The dangerous art of the right question
Venkatesh Rao on the dangerous art of the right question. Four questions that are, in fact, terrible from the world of business:
1. Who is our customer?
2. What is our market?
3. What is our goal?
4. What problem does our product solve for the customer?
They’re terrible, he says, because they’re devoid of information. Instead:
Real questions, useful questions, questions with promising attacks, are always motivated by the specific situation at hand. They are often about situational anomalies and unusual patterns in data that you cannot explain based on your current mental model of the situation… Real questions frame things in a way that creates a restless tension, by highlighting the potentially important stuff that you don’t know. You cannot frame a painting without knowing its dimensions. You cannot frame a problem without knowing something about it. Frames must contain situational information.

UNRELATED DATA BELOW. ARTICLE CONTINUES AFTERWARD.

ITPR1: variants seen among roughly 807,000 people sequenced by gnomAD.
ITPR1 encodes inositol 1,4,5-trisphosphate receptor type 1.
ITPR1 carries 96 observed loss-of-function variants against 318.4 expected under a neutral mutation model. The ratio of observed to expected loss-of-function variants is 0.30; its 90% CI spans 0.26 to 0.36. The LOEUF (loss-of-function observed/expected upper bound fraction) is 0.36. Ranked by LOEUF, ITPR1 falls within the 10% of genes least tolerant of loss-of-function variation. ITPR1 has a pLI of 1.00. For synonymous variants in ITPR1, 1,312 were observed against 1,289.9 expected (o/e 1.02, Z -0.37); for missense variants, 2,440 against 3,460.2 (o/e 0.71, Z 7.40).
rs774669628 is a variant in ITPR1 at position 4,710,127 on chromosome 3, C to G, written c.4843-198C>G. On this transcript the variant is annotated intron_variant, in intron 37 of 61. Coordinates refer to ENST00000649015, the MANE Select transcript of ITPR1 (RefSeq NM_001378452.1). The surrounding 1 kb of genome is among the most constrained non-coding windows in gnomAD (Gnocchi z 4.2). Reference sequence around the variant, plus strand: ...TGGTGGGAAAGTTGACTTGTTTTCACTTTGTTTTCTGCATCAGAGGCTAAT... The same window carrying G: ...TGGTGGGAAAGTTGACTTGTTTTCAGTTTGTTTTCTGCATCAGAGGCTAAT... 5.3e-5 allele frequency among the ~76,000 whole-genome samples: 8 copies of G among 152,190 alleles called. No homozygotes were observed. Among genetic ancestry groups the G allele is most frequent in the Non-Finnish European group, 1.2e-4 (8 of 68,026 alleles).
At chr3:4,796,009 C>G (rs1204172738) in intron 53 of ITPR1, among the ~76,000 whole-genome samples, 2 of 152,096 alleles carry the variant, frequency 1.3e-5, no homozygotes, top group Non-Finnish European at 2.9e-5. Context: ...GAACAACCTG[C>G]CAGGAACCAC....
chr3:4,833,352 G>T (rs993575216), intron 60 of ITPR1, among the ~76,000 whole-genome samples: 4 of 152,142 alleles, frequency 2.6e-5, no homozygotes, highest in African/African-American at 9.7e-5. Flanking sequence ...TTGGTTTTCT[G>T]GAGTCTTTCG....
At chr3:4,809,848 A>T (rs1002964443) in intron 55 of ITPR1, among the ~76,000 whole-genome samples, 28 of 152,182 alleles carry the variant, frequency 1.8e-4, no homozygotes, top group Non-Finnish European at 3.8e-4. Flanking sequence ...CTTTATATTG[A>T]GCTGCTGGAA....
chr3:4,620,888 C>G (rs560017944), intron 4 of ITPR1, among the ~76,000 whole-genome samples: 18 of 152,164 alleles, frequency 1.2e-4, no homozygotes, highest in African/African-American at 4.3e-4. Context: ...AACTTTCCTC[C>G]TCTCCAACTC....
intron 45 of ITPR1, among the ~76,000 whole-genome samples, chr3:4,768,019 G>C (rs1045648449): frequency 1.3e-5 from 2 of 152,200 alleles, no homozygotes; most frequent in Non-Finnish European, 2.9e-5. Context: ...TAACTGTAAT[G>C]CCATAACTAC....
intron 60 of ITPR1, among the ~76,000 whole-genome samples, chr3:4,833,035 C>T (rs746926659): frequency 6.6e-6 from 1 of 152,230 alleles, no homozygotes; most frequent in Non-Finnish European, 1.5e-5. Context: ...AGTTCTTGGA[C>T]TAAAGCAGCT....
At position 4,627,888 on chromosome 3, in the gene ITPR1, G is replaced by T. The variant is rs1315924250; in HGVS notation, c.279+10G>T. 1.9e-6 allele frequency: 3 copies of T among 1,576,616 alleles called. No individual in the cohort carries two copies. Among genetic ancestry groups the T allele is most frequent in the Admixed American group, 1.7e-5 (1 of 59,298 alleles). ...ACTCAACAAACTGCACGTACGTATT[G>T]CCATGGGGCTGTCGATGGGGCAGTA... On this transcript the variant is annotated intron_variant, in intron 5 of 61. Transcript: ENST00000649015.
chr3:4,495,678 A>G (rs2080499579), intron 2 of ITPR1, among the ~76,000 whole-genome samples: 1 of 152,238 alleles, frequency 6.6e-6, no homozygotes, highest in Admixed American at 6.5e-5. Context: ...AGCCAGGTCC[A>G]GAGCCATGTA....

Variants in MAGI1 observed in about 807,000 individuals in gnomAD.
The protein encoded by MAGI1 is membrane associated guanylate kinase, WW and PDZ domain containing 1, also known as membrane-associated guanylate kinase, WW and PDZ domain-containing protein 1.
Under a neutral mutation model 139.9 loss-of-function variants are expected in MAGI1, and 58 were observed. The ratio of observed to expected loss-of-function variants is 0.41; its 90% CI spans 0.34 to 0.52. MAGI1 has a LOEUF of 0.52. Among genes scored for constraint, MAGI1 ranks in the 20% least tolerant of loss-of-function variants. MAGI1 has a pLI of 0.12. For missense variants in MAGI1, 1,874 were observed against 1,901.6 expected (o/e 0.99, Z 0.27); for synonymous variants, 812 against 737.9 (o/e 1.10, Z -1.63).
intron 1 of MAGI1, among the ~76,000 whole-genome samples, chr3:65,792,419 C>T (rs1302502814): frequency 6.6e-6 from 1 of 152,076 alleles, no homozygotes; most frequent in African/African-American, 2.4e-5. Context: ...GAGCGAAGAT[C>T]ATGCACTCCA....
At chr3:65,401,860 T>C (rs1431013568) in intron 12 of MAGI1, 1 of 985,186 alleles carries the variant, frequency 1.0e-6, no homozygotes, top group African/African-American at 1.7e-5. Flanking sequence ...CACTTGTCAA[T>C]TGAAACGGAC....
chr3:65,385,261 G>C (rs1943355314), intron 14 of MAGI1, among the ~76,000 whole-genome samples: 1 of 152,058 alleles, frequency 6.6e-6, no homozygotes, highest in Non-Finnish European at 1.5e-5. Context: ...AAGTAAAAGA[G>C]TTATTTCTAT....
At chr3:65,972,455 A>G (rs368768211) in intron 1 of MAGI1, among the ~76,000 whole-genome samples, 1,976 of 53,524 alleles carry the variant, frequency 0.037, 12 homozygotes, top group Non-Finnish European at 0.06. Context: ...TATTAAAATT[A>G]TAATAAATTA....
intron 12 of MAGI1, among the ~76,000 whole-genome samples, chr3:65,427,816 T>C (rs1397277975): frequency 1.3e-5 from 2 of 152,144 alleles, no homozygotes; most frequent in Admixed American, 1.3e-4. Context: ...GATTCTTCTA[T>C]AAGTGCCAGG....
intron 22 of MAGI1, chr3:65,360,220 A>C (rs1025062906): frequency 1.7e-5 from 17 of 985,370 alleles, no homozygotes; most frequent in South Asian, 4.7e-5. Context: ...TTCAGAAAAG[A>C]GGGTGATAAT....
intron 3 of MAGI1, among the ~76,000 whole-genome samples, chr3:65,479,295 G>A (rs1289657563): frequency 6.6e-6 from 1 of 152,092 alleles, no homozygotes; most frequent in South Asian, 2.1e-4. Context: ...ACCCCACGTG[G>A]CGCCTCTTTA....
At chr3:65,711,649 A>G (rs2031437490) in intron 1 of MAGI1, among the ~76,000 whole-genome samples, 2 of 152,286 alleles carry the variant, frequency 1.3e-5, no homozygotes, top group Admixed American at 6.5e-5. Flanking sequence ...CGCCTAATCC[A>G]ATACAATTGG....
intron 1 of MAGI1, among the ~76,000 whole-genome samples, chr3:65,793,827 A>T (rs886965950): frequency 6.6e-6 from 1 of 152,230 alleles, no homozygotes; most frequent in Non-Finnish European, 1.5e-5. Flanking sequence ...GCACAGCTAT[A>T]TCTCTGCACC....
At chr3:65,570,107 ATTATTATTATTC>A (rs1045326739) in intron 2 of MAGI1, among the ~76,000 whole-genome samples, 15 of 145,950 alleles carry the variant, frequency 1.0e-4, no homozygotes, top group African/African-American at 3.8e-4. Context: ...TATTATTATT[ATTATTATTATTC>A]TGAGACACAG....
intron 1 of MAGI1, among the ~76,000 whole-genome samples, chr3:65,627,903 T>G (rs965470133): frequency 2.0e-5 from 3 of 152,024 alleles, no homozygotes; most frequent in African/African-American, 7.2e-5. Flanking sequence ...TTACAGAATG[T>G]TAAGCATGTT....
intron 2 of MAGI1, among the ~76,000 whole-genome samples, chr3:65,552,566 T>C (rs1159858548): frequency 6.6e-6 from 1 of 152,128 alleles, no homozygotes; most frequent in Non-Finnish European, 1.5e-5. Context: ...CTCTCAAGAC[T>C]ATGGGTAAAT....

Here’s why things work this way:
There are two types of questions. Formulaic questions and insight questions. …. Formulaic questions can be asked without knowing much. If they can be answered at all, they can be answered via a formulaic process. …. Insight questions can only be asked after you develop situation awareness. They are necessarily local and unique to the situation.
So how do you ask these questions? Here are three ways:
1. The Poirot Method
2. The Jack Welch Method
3. The 42 Method
And what are those you ask? For those answers, you should head over to read the piece in its entirety.